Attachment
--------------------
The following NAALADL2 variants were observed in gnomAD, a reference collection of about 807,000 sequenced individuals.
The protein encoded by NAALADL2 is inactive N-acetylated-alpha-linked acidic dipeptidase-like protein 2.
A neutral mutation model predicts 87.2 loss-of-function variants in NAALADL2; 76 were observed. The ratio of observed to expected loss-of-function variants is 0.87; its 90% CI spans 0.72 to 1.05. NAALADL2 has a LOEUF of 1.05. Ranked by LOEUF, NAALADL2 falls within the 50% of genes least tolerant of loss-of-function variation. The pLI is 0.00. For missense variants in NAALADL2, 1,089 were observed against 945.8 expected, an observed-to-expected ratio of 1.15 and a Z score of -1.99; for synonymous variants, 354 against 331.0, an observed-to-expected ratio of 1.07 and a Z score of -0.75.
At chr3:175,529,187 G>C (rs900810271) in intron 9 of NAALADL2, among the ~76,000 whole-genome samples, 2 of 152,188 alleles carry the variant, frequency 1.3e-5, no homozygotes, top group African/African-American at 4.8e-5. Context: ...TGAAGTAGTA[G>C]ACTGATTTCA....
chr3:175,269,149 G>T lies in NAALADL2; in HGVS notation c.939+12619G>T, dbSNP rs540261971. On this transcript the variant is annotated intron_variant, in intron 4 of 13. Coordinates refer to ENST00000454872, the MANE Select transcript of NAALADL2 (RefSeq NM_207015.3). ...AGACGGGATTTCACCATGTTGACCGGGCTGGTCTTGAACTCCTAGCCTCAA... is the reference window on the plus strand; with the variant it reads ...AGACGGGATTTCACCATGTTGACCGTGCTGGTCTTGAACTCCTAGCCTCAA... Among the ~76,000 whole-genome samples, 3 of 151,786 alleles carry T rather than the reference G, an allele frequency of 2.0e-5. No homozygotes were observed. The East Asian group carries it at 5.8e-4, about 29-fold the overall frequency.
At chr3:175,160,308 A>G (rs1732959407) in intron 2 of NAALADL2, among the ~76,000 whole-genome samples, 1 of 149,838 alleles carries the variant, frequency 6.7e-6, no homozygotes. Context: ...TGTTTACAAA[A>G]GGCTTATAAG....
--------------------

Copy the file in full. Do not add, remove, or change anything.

The following NAALADL2 variants were observed in gnomAD, a reference collection of about 807,000 sequenced individuals.
The protein encoded by NAALADL2 is inactive N-acetylated-alpha-linked acidic dipeptidase-like protein 2.
A neutral mutation model predicts 87.2 loss-of-function variants in NAALADL2; 76 were observed. The ratio of observed to expected loss-of-function variants is 0.87; its 90% CI spans 0.72 to 1.05. NAALADL2 has a LOEUF of 1.05. Ranked by LOEUF, NAALADL2 falls within the 50% of genes least tolerant of loss-of-function variation. The pLI is 0.00. For missense variants in NAALADL2, 1,089 were observed against 945.8 expected, an observed-to-expected ratio of 1.15 and a Z score of -1.99; for synonymous variants, 354 against 331.0, an observed-to-expected ratio of 1.07 and a Z score of -0.75.
At chr3:175,529,187 G>C (rs900810271) in intron 9 of NAALADL2, among the ~76,000 whole-genome samples, 2 of 152,188 alleles carry the variant, frequency 1.3e-5, no homozygotes, top group African/African-American at 4.8e-5. Context: ...TGAAGTAGTA[G>C]ACTGATTTCA....
chr3:175,269,149 G>T lies in NAALADL2; in HGVS notation c.939+12619G>T, dbSNP rs540261971. On this transcript the variant is annotated intron_variant, in intron 4 of 13. Coordinates refer to ENST00000454872, the MANE Select transcript of NAALADL2 (RefSeq NM_207015.3). ...AGACGGGATTTCACCATGTTGACCGGGCTGGTCTTGAACTCCTAGCCTCAA... is the reference window on the plus strand; with the variant it reads ...AGACGGGATTTCACCATGTTGACCGTGCTGGTCTTGAACTCCTAGCCTCAA... Among the ~76,000 whole-genome samples, 3 of 151,786 alleles carry T rather than the reference G, an allele frequency of 2.0e-5. No homozygotes were observed. The East Asian group carries it at 5.8e-4, about 29-fold the overall frequency.
At chr3:175,160,308 A>G (rs1732959407) in intron 2 of NAALADL2, among the ~76,000 whole-genome samples, 1 of 149,838 alleles carries the variant, frequency 6.7e-6, no homozygotes. Context: ...TGTTTACAAA[A>G]GGCTTATAAG....